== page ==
Five days ago I got the terrible news that her very recent *cough* was not a particularly resistant hairball, but the result of massive pulmonary edema secondary to a fast spreading cancer that had spread through her entire little body like a ravening hoard of locusts. Our Vet kept her overnight to run an entire series of horrendously expensive tests, and the following day told me to take her home and keep her comfy and that she would in all liklihood not last the night. Good Gods, the most I had anticipated was constipation (and had just figured that the tests were a good idea anyhow, particularly because of her ag) and now I was faced with a ready-to-die-any-minute-now kitty!

    This morning, after 4 days and nights of NO sleep for either of us, gut-wrenching hours of lying in bed cuddling her, carrying her to the litterbox and cleaning her afterwards because she was too weak to do it herself, feeding her liquid food suppliment with an eyedropper, holding a bowl of cool watter to her mouth and watching her struggle to lap and swallow it, something inside me snapped this morning and I broke faith with our Vet ( who said something to me like “Umm… Well, animals can be unpredictable. These things take time.” And the winner was when she said this could last maybe another week!

    I broke 9 1/2 years faith with her and called another small animal Vet. I could no longer tolerate watching Basti fight to live, panting, purring, being so loving, and patiently bearing with my shattering grief and Bansidhe-like howling/crying/sobbing a majority of the entire time. I wrapped her in her cashmere pashmina and took her for the shots. She died very quickly without a sound or movement. I am still dying inside.

    I did all the right things. Had a Pet HMO membership for her, had regular “senior kitty” dental and physical exams 2 a year, fed her the best diet possible, kept her weight down by diet and exercise, and STILL lost her to Cancer. If I myself were not a Medical Professional I would be torturing myself wondering if the outcome would have been different if I had taken her in sooner. After seeing her X-rays and ultrasounds , I know otherwise. Most regular Well Pet Maintainance Vet visits don’t include X-ray and ultrasound examinations, unfortunately. I am now going to tell ALL my friends with “senior fur-babies” to come to this site and educate themselves on pet cancers.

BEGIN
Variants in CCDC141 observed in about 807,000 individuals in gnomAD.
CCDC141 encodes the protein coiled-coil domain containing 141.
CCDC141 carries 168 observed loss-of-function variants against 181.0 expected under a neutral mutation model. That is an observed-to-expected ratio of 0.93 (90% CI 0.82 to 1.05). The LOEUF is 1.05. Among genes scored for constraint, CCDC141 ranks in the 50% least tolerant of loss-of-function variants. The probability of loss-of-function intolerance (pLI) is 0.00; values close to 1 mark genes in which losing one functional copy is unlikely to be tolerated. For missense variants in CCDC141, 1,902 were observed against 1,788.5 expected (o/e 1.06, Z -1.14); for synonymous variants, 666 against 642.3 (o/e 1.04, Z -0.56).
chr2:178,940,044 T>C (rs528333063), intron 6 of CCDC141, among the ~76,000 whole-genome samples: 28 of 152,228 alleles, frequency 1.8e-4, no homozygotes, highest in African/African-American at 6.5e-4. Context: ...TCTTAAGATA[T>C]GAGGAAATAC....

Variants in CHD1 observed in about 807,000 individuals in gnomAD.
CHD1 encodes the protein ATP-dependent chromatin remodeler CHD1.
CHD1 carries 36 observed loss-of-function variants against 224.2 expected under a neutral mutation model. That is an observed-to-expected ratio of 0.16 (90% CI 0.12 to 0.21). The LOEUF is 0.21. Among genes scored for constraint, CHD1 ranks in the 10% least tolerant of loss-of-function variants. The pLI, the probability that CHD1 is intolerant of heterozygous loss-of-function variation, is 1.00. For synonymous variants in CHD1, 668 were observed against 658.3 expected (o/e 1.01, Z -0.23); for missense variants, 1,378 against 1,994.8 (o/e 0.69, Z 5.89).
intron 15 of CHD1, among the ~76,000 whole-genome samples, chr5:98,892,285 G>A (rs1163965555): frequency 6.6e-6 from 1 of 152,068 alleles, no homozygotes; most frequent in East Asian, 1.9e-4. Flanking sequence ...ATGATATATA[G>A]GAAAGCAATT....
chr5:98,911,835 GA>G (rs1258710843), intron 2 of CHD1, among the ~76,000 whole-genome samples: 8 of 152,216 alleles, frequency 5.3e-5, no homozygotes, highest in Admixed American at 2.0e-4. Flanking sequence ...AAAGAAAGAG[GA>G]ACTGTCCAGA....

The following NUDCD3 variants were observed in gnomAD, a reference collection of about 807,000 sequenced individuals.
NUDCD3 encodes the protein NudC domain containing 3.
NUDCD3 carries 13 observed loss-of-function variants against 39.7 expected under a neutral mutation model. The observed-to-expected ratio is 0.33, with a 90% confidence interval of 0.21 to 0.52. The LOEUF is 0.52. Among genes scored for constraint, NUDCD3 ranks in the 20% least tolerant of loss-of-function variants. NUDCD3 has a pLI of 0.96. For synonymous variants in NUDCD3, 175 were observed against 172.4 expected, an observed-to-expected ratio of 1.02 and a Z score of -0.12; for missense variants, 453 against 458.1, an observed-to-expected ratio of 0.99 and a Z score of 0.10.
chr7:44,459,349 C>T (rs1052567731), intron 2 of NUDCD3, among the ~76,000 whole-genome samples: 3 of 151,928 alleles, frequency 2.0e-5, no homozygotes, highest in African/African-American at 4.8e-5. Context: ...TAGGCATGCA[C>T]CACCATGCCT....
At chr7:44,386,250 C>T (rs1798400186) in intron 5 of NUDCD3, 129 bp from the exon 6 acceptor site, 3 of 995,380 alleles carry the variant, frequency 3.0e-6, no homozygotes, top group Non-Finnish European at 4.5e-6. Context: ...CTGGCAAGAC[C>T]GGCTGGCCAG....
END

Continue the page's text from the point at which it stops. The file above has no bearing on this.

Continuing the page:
Maybe my comments will cause another owner to insist on full body X-rays and abdominal sonagrams yearly for their “gracefully aging” fur-friends.

    ~Basti’s Grieving Mommy~

  5. By Elina on Sep 26, 2008 | Reply

    I have 7 cats and I always make sure I observe them carefully. My cat had fibrosarcoma due to new rabies vaccine. We had to amputate her leg immediately and I was giving her 2 drops of agaricus blazei extract for 8 months after the surgery. It was recommended by Dr Villalobos and I purchased them at atlasworldusa.com. Due to being prompt with the diagnosis and amputation she is alive and well now.

  6. By admin on Oct 3, 2008 | Reply

    Randall,

    I’m so sorry to hear about your loss. Please don’t second-guess yourself. You did the best things you could for your precious Basti throughout her life. At the end, you did what had to be done to end her suffering.

    Thank you for sharing with us, even through your pain. I lost a very dear feline friend a couple of years ago. At first I thought I would never get over it, but time does bring healing. My sweet little BlackCat left me way too soon, but now I can think of her and smile when I remember things she did. She’ll be waiting for me on the other side, and Basti will be waiting for you too.

    I’ll keep you in my prayers.

    Darlene

  7. By admin on Oct 3, 2008 | Reply

    Elina,

    Your kitty is lucky you’re so observant. I’m sorry to hear about her leg, but I’m glad she’s doing so well now. I hadn’t heard of agaricus blazei extract before. I’ll have to check it out.

    Thanks for sharing this info. It may help other cat owners, too!

    Best wishes,

    Darlene

  8. By Carol Henry on Nov 1, 2008 | Reply

    My 7 year old cat has separation anxiety and tries to bite me everytime I leave the apt. Do you have any suggestions about how I should handle this. Thanks, Carol

  9. By Stephanie on Jan 4, 2011 | Reply

    My white cat got skin cancer on the tips of her ears and had to have them amputated. This is very serious. That was 35 years ago. I know better now, my cats stay indoors and are VERY healthy!